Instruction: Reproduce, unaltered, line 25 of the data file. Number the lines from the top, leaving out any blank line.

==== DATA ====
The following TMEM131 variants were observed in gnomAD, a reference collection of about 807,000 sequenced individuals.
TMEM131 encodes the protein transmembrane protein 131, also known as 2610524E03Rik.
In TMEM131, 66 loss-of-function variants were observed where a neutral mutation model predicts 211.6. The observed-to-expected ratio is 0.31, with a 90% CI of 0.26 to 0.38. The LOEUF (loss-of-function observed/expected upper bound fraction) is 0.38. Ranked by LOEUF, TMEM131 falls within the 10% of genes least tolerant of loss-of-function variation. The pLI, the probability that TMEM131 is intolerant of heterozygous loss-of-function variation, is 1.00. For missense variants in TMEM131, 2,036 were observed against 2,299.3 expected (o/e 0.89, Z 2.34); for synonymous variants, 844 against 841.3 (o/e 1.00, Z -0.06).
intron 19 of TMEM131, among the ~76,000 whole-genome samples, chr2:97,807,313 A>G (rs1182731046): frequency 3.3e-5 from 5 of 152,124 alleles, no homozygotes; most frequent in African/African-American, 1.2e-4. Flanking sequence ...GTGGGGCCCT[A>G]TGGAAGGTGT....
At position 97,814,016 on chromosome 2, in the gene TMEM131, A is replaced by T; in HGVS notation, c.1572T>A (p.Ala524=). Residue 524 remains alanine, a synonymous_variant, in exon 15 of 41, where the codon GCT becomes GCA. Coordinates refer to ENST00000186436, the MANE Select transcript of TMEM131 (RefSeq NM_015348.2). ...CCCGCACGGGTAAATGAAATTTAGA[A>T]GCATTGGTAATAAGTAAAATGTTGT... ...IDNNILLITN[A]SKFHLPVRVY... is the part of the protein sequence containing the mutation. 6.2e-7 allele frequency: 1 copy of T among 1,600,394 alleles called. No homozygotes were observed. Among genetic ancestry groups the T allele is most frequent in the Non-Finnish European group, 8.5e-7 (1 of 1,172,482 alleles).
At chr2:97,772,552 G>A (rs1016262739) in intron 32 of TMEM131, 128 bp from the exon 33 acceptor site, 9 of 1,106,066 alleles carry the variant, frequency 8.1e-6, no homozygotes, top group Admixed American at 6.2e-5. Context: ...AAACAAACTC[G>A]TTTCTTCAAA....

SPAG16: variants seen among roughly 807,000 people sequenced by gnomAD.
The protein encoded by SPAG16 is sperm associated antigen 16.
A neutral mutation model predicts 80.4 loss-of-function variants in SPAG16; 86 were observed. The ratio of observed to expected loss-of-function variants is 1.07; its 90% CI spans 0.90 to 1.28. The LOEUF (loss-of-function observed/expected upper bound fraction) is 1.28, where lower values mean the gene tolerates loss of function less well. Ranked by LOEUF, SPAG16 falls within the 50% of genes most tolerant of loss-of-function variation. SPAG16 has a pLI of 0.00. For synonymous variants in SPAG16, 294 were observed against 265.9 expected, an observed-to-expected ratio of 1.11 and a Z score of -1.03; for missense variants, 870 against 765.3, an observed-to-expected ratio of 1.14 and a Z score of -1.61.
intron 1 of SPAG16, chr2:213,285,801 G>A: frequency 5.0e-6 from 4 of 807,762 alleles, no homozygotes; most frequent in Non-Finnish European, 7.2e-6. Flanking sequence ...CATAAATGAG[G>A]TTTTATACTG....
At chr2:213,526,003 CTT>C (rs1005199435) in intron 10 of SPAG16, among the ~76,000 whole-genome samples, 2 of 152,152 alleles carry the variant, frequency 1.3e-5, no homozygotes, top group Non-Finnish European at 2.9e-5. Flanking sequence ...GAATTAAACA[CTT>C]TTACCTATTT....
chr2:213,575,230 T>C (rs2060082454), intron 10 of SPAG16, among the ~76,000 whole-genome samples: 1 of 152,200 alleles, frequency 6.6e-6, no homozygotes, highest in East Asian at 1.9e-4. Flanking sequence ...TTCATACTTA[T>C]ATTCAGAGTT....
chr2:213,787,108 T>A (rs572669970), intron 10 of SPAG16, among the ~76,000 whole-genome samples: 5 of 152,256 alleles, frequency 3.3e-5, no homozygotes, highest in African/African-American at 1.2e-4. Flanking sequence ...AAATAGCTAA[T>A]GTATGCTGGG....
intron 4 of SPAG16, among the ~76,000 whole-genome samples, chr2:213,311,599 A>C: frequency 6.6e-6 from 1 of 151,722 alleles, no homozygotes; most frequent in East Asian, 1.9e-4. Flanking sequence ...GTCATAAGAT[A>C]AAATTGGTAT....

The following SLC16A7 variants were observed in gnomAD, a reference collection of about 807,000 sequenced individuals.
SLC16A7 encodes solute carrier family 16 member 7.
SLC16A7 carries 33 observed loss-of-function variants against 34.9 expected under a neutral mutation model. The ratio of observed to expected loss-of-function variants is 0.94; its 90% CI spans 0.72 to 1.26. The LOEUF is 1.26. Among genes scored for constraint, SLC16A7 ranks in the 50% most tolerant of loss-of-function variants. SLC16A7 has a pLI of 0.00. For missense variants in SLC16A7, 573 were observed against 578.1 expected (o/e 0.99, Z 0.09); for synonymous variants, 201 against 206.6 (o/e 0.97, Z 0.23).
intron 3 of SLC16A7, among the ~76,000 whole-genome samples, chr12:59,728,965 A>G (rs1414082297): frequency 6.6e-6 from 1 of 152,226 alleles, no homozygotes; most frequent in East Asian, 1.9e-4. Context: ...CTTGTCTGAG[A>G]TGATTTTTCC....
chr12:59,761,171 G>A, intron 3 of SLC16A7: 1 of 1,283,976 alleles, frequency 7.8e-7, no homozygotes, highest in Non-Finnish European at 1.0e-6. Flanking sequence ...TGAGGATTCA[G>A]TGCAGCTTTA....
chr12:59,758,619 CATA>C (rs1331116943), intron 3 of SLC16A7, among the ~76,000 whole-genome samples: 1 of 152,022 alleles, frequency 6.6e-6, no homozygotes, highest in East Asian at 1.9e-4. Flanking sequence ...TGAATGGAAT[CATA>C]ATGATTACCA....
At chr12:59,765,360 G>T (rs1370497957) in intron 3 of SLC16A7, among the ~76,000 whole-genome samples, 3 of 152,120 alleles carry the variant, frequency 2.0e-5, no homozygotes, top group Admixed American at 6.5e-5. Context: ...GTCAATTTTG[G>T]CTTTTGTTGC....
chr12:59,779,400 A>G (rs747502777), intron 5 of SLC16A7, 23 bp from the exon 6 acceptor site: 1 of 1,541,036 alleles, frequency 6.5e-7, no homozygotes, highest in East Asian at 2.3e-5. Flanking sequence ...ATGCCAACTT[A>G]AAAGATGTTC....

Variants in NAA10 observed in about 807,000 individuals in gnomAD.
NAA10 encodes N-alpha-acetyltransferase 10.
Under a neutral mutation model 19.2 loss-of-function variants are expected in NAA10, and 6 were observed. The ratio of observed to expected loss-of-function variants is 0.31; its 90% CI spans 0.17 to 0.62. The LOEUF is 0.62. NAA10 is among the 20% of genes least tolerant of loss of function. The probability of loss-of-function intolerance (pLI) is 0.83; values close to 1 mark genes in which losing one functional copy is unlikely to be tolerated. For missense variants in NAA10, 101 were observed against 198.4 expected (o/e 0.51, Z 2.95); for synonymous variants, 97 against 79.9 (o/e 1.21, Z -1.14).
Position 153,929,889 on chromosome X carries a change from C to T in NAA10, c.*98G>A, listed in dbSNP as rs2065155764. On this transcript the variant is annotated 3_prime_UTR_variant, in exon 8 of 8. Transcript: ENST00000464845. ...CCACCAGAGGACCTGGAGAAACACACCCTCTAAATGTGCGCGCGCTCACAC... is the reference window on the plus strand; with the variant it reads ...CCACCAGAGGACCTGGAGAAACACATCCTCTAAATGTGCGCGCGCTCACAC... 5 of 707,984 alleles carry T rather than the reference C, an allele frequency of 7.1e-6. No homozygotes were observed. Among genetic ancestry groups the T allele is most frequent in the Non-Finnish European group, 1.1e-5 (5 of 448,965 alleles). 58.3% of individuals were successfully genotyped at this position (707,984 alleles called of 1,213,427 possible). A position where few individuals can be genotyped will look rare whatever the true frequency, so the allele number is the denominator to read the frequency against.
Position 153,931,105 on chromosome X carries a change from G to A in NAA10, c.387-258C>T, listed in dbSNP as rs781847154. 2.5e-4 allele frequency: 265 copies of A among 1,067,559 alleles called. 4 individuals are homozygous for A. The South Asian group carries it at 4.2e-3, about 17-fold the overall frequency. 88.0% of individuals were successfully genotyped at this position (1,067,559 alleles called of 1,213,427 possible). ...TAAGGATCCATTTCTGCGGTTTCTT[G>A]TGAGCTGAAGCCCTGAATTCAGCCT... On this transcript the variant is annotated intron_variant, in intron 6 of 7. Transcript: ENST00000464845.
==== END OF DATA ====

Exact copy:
Under a neutral mutation model 19.2 loss-of-function variants are expected in NAA10, and 6 were observed. The ratio of observed to expected loss-of-function variants is 0.31; its 90% CI spans 0.17 to 0.62. The LOEUF is 0.62. NAA10 is among the 20% of genes least tolerant of loss of function. The probability of loss-of-function intolerance (pLI) is 0.83; values close to 1 mark genes in which losing one functional copy is unlikely to be tolerated. For missense variants in NAA10, 101 were observed against 198.4 expected (o/e 0.51, Z 2.95); for synonymous variants, 97 against 79.9 (o/e 1.21, Z -1.14).